Clockwise from top left: David, Jill, Stella Grace and Avery Dale.


     Every September, 12-year-old Avery Dale picks out a birthday cake for a team of nurses at Batson Children’s Hospital in Jackson. The “3C nurses,” as Avery’s mother Jill calls them, took care of Avery’s twin brother, Campbell, during his bout with cancer in 2014 and 2015. 

     “We’ve always kind of let (Avery) lead us in how she wants to honor him,” Jill says.  

     “Campbell touched more people in five years than I ever will,” says his father, David Dale. 

     And Campbell still hasn’t stopped impacting others, even six years after going home to Jesus.

The diagnosis and small graces 

     Jill and David, both Jackson natives, suffered a miscarriage and struggled to conceive before having twins Avery and Campbell in September 2009. They were born nearly two months early and spent three weeks in the neonatal intensive care unit (NICU). 

     After that, things looked rosy. 

     “They thrived at home, they were best friends, they loved each other,” Jill says. “They had their own language. Half the time, we didn’t know what they were saying.” They were so healthy, they didn’t even get ear infections. 

     Then in February 2014, when the twins were about 4 and a half, the Dales noticed a bulge on Campbell’s abdomen. The bulge wasn’t that noticeable, so they just kept an eye on it over the weekend.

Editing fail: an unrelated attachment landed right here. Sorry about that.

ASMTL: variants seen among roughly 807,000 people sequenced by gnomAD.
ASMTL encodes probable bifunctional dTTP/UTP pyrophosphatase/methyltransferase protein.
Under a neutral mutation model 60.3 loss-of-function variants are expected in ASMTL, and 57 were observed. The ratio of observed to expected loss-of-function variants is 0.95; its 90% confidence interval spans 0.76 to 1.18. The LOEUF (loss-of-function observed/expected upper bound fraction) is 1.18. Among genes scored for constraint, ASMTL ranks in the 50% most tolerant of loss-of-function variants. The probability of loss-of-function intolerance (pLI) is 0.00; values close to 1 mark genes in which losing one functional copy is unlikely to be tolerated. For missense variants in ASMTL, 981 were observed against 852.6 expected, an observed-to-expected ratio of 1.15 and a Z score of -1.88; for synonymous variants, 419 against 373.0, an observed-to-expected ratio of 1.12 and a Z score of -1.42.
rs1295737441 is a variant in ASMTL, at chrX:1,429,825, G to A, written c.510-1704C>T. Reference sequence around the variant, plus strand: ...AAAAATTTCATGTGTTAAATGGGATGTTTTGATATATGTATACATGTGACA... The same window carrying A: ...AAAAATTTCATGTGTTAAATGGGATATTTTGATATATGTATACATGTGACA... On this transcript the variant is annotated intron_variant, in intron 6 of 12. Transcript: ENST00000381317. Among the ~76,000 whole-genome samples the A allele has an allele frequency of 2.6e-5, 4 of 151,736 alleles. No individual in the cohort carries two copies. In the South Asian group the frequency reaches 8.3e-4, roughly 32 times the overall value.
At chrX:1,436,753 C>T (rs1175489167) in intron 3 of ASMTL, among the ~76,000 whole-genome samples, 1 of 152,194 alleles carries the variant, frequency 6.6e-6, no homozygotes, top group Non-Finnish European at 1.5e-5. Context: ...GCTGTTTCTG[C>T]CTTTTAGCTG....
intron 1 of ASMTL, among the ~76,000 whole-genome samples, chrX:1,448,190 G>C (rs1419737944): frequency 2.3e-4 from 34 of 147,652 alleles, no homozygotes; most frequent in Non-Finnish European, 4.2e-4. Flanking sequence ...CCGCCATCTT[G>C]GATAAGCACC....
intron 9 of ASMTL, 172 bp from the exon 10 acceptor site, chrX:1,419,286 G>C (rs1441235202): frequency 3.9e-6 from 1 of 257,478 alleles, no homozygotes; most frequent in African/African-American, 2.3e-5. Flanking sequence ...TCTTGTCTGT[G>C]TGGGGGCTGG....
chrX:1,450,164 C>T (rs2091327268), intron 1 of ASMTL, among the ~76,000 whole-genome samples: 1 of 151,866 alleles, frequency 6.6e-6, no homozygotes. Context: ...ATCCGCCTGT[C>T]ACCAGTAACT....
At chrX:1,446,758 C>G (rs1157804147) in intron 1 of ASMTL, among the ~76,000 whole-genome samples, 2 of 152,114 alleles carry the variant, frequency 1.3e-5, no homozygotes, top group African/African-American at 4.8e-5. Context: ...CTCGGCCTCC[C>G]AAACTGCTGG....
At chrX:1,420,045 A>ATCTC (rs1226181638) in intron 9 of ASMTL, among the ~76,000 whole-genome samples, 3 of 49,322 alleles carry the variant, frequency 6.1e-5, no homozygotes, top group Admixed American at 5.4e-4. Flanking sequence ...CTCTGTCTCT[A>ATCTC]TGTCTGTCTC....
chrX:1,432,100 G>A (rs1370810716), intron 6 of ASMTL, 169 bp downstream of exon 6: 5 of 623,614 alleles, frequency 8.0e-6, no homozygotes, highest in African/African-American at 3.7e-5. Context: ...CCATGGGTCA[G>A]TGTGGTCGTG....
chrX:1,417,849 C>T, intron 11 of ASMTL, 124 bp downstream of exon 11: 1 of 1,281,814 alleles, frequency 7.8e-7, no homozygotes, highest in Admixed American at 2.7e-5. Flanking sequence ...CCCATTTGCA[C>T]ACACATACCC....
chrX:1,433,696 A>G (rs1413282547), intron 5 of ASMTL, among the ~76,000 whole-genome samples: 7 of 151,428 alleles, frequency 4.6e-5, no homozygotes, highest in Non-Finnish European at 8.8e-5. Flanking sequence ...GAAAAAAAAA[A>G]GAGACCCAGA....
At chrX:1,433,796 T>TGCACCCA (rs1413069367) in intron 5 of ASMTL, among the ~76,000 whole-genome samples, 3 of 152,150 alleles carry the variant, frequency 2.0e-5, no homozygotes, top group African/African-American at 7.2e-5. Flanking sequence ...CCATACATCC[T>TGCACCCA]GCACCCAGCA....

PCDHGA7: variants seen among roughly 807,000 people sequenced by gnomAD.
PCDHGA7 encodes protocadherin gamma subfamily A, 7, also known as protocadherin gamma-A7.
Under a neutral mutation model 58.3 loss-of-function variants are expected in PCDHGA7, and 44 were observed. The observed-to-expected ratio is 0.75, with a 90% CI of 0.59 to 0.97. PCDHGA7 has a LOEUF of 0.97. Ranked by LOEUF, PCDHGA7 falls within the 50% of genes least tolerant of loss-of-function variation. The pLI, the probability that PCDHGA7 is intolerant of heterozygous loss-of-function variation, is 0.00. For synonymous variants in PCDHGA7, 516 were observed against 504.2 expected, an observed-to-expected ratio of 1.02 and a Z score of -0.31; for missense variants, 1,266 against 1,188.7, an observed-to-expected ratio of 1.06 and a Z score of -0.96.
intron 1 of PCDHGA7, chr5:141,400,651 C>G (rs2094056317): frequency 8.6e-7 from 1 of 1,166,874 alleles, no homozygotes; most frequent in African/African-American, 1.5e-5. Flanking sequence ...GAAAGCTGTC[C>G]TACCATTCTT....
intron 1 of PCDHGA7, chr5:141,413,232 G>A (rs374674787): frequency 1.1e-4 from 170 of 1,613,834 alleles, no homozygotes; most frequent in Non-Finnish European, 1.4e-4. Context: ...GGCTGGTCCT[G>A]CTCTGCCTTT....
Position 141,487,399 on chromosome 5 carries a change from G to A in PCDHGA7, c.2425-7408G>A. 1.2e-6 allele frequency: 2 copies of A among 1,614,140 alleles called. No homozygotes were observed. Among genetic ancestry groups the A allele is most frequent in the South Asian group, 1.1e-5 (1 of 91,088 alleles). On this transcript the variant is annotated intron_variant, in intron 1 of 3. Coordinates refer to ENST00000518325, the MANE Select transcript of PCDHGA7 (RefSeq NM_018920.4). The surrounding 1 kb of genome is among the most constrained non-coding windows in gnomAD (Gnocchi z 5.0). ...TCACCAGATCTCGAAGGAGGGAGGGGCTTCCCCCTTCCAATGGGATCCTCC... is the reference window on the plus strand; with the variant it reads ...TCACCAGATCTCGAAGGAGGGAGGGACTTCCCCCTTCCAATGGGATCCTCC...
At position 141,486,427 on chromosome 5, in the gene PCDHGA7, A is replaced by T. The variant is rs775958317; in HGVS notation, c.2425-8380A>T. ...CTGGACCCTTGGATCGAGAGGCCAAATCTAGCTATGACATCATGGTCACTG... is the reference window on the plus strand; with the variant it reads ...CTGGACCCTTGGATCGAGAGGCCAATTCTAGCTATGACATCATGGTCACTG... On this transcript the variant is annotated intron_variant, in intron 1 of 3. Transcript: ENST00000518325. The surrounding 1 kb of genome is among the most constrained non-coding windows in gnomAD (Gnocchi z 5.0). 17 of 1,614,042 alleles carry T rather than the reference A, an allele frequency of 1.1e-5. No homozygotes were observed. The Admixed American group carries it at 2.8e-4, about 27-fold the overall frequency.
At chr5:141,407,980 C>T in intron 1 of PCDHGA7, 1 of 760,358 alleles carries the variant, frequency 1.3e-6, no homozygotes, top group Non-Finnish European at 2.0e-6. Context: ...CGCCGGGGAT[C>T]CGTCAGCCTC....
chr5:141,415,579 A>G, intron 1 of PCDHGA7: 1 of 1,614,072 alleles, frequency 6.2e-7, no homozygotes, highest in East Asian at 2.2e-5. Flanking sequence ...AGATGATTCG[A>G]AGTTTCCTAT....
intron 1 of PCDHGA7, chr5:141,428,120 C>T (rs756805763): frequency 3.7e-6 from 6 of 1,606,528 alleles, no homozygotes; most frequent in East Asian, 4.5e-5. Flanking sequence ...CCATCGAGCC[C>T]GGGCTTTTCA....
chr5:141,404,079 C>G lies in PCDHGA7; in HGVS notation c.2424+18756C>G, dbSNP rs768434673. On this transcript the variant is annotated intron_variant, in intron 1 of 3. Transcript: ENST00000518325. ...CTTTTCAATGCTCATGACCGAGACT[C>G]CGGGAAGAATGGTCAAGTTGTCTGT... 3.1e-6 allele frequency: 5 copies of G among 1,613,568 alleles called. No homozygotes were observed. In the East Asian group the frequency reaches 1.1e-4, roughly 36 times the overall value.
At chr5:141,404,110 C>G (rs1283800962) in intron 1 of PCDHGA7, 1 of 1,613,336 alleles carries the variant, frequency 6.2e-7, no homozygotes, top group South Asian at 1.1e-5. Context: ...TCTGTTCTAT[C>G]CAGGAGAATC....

Early the next week, Campbell got upset and cried when trying to use the bathroom. The bulge got more noticeable. Jill and David took him to the doctor, and a CT scan revealed a mass in his abdomen. 

     “(Someone said) ‘I’ve already called Batson. They’re waiting on you. Go now,’” David recalls. “The world started spinning. We were calling people to get Avery, calling family.”

     That Thursday at Batson, in a crowded conference room, doctors told the Dales, “We don’t know what it is, but we’ve got to get it.”

     Campbell’s first surgery happened that Friday. By the time he left the hospital,  he’d been diagnosed with stage 4 rhabdomyosarcoma, which has a less than 30 percent survival rate. Doctors gave him a chemo port, and gave his parents a 3-inch-thick binder describing the chemo protocol they’d be following for the next year-plus. 

     “My thought from day one was, he’s going to be healed — whether here or in heaven,” David says. 

     Jill’s mentor’s daughter had survived rhabdo years earlier. She was part of that 30 percent. Campbell could be part of that 30 percent too.